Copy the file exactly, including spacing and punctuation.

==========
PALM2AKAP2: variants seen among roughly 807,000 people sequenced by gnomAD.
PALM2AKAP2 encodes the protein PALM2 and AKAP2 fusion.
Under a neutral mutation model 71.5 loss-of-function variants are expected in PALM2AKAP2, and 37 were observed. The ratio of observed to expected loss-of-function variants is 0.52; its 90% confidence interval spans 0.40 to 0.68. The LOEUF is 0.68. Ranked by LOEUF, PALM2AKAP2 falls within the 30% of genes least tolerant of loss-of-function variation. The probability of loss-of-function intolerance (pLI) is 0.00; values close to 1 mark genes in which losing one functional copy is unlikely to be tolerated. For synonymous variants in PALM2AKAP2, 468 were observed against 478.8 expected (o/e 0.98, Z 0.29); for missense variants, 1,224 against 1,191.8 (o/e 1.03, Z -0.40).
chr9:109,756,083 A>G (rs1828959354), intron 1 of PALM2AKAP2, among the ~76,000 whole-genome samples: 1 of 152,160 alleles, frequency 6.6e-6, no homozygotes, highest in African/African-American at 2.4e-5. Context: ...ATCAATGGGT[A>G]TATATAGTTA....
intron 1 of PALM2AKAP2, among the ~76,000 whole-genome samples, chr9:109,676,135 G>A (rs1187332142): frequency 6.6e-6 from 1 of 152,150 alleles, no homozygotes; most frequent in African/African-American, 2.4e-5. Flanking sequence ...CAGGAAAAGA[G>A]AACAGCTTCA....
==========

PALM2AKAP2: variants seen among roughly 807,000 people sequenced by gnomAD.
PALM2AKAP2 encodes the protein PALM2 and AKAP2 fusion.
Under a neutral mutation model 71.5 loss-of-function variants are expected in PALM2AKAP2, and 37 were observed. The ratio of observed to expected loss-of-function variants is 0.52; its 90% confidence interval spans 0.40 to 0.68. The LOEUF is 0.68. Ranked by LOEUF, PALM2AKAP2 falls within the 30% of genes least tolerant of loss-of-function variation. The probability of loss-of-function intolerance (pLI) is 0.00; values close to 1 mark genes in which losing one functional copy is unlikely to be tolerated. For synonymous variants in PALM2AKAP2, 468 were observed against 478.8 expected (o/e 0.98, Z 0.29); for missense variants, 1,224 against 1,191.8 (o/e 1.03, Z -0.40).
chr9:109,756,083 A>G (rs1828959354), intron 1 of PALM2AKAP2, among the ~76,000 whole-genome samples: 1 of 152,160 alleles, frequency 6.6e-6, no homozygotes, highest in African/African-American at 2.4e-5. Context: ...ATCAATGGGT[A>G]TATATAGTTA....
intron 1 of PALM2AKAP2, among the ~76,000 whole-genome samples, chr9:109,676,135 G>A (rs1187332142): frequency 6.6e-6 from 1 of 152,150 alleles, no homozygotes; most frequent in African/African-American, 2.4e-5. Flanking sequence ...CAGGAAAAGA[G>A]AACAGCTTCA....